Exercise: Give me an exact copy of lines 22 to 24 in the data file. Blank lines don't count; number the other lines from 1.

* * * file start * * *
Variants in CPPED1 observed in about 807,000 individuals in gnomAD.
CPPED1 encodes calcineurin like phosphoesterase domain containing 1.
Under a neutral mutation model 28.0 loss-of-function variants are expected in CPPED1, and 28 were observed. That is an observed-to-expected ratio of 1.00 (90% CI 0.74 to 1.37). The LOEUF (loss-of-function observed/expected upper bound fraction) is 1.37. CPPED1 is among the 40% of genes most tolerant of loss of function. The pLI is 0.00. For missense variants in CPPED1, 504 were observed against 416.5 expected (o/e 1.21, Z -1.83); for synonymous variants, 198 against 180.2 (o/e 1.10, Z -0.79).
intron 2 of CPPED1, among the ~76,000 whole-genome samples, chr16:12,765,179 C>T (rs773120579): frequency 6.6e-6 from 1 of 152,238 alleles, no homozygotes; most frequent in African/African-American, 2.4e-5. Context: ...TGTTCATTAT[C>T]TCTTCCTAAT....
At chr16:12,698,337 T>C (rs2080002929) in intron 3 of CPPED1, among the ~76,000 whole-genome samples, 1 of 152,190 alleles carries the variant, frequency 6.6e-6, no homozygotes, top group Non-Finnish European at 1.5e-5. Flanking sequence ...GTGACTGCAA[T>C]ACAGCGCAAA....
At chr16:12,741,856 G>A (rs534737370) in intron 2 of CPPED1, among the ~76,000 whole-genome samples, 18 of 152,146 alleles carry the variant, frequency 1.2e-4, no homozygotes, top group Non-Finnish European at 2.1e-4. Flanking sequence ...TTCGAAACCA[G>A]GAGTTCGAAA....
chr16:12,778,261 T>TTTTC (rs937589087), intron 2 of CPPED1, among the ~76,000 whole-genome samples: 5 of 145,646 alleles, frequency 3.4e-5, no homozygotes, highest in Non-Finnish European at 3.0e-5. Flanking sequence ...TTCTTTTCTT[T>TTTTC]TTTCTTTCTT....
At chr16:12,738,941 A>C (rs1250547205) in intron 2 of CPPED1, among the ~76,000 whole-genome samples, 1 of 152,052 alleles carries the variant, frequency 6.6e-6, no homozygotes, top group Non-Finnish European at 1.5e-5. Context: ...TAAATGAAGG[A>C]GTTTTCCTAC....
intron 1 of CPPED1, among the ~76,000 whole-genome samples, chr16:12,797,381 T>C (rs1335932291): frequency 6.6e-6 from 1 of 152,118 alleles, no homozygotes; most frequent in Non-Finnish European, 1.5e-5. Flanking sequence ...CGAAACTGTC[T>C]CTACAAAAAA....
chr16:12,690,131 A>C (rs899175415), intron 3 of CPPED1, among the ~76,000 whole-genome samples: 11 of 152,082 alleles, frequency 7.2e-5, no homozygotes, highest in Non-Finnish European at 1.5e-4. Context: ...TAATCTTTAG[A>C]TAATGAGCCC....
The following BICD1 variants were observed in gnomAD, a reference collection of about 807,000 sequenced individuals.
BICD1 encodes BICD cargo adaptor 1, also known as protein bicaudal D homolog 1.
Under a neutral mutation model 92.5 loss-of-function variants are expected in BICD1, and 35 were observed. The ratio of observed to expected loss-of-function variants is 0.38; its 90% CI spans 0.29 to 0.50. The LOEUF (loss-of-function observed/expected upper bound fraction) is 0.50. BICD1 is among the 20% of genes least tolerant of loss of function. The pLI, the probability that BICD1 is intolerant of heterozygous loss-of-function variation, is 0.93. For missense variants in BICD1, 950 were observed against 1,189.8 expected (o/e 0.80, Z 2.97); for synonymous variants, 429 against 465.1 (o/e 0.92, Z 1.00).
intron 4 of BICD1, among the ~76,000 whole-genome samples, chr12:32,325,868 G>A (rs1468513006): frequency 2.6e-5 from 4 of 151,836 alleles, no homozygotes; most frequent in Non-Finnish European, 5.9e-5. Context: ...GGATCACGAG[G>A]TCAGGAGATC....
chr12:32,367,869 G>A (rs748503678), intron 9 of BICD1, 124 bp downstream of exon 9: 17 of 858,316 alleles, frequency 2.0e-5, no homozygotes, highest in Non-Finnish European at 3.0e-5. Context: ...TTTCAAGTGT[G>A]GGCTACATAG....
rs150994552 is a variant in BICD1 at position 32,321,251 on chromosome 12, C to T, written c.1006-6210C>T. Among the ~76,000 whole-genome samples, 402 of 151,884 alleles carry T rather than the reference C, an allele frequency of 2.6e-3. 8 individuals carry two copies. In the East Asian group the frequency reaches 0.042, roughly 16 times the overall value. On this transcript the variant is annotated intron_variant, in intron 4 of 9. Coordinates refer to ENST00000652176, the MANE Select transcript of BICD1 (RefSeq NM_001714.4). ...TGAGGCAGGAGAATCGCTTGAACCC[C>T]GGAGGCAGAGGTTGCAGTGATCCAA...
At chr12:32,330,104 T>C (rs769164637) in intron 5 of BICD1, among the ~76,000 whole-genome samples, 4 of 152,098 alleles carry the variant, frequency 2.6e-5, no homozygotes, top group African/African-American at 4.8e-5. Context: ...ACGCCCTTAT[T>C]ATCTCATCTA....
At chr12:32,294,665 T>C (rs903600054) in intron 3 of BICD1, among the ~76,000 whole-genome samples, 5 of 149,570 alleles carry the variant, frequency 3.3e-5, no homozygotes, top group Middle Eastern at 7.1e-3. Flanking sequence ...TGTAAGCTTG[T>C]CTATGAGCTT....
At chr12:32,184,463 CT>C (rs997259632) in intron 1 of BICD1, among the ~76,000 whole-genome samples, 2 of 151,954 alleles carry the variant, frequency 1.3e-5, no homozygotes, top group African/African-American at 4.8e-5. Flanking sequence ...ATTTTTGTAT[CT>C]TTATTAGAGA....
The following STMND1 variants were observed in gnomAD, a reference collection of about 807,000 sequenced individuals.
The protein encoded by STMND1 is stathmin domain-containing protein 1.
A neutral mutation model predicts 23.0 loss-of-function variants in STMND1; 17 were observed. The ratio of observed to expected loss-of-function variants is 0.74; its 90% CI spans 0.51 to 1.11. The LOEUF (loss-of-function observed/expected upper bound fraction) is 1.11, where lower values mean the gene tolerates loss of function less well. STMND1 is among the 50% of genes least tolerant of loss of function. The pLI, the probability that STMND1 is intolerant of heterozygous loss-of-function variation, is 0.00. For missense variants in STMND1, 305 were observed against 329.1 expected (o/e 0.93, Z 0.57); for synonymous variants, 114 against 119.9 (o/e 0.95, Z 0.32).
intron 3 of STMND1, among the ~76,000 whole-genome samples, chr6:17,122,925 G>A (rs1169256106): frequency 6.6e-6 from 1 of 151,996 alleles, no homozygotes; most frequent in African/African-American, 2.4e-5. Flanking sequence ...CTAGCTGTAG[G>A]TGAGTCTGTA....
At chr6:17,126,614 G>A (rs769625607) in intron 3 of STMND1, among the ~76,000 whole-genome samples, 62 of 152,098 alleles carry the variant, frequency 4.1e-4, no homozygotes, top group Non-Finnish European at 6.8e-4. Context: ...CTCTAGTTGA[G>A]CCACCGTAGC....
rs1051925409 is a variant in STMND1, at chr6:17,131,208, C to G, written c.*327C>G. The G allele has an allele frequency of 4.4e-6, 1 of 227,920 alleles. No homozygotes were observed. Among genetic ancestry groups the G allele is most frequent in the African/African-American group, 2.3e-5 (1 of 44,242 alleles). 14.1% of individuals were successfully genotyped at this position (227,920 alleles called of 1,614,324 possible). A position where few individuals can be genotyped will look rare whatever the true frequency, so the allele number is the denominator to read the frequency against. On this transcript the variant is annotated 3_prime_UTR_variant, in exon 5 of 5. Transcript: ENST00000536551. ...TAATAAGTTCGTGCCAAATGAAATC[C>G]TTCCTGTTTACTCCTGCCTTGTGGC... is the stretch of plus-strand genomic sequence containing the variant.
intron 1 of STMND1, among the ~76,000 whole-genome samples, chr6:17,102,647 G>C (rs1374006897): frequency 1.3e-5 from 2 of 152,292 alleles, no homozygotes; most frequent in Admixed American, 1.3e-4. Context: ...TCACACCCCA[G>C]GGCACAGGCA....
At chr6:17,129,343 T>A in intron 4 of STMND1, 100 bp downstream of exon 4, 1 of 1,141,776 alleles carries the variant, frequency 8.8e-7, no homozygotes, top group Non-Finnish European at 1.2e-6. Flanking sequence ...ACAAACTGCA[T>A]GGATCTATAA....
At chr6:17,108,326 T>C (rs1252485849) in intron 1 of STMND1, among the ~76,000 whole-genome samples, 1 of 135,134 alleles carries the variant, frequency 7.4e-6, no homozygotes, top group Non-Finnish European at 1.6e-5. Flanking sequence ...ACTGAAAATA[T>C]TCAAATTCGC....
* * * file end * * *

A neutral mutation model predicts 23.0 loss-of-function variants in STMND1; 17 were observed. The ratio of observed to expected loss-of-function variants is 0.74; its 90% CI spans 0.51 to 1.11. The LOEUF (loss-of-function observed/expected upper bound fraction) is 1.11, where lower values mean the gene tolerates loss of function less well. STMND1 is among the 50% of genes least tolerant of loss of function. The pLI, the probability that STMND1 is intolerant of heterozygous loss-of-function variation, is 0.00. For missense variants in STMND1, 305 were observed against 329.1 expected (o/e 0.93, Z 0.57); for synonymous variants, 114 against 119.9 (o/e 0.95, Z 0.32).
intron 3 of STMND1, among the ~76,000 whole-genome samples, chr6:17,122,925 G>A (rs1169256106): frequency 6.6e-6 from 1 of 151,996 alleles, no homozygotes; most frequent in African/African-American, 2.4e-5. Flanking sequence ...CTAGCTGTAG[G>A]TGAGTCTGTA....
At chr6:17,126,614 G>A (rs769625607) in intron 3 of STMND1, among the ~76,000 whole-genome samples, 62 of 152,098 alleles carry the variant, frequency 4.1e-4, no homozygotes, top group Non-Finnish European at 6.8e-4. Context: ...CTCTAGTTGA[G>A]CCACCGTAGC....